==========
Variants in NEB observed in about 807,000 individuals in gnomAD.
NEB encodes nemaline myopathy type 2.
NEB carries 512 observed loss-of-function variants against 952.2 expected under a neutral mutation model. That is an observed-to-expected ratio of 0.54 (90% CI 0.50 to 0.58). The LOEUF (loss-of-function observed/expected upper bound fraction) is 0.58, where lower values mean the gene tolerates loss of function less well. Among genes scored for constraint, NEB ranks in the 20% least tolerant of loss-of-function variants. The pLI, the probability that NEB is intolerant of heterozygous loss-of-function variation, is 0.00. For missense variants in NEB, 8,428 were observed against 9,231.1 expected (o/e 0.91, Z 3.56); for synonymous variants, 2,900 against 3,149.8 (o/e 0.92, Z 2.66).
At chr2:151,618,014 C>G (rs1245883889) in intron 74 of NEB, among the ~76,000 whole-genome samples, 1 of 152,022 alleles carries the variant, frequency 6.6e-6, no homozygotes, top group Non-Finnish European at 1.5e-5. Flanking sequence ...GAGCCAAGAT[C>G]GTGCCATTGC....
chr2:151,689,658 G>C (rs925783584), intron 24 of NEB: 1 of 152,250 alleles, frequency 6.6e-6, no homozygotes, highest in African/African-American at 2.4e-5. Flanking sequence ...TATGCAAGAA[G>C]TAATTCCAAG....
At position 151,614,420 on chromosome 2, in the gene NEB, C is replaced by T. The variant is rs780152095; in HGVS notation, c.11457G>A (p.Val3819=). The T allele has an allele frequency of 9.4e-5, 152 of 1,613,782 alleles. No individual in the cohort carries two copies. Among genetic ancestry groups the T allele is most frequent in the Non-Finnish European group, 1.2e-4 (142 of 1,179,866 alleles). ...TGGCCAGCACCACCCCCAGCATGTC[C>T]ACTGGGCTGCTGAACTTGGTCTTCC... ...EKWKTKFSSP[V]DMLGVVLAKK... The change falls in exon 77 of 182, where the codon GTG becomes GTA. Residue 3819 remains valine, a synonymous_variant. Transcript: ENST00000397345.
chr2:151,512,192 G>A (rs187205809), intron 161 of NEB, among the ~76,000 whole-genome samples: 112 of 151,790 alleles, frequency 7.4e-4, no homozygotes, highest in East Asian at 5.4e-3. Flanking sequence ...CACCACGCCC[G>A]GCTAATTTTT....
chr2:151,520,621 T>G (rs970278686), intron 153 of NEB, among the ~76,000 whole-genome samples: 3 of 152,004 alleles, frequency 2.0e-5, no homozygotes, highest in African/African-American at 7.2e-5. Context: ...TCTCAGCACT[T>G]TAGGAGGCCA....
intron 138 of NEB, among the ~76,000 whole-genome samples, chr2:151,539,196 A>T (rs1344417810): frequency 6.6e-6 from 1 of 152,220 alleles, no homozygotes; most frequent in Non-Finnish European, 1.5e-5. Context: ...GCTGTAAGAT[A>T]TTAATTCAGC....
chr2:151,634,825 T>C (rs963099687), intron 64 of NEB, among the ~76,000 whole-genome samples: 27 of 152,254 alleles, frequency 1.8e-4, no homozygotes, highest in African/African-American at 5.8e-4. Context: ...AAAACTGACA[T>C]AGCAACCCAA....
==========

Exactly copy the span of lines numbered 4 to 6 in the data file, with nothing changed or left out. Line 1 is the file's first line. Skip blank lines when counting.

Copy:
At chr2:151,618,014 C>G (rs1245883889) in intron 74 of NEB, among the ~76,000 whole-genome samples, 1 of 152,022 alleles carries the variant, frequency 6.6e-6, no homozygotes, top group Non-Finnish European at 1.5e-5. Flanking sequence ...GAGCCAAGAT[C>G]GTGCCATTGC....
chr2:151,689,658 G>C (rs925783584), intron 24 of NEB: 1 of 152,250 alleles, frequency 6.6e-6, no homozygotes, highest in African/African-American at 2.4e-5. Flanking sequence ...TATGCAAGAA[G>C]TAATTCCAAG....
At position 151,614,420 on chromosome 2, in the gene NEB, C is replaced by T. The variant is rs780152095; in HGVS notation, c.11457G>A (p.Val3819=). The T allele has an allele frequency of 9.4e-5, 152 of 1,613,782 alleles. No individual in the cohort carries two copies. Among genetic ancestry groups the T allele is most frequent in the Non-Finnish European group, 1.2e-4 (142 of 1,179,866 alleles). ...TGGCCAGCACCACCCCCAGCATGTC[C>T]ACTGGGCTGCTGAACTTGGTCTTCC... ...EKWKTKFSSP[V]DMLGVVLAKK... The change falls in exon 77 of 182, where the codon GTG becomes GTA. Residue 3819 remains valine, a synonymous_variant. Transcript: ENST00000397345.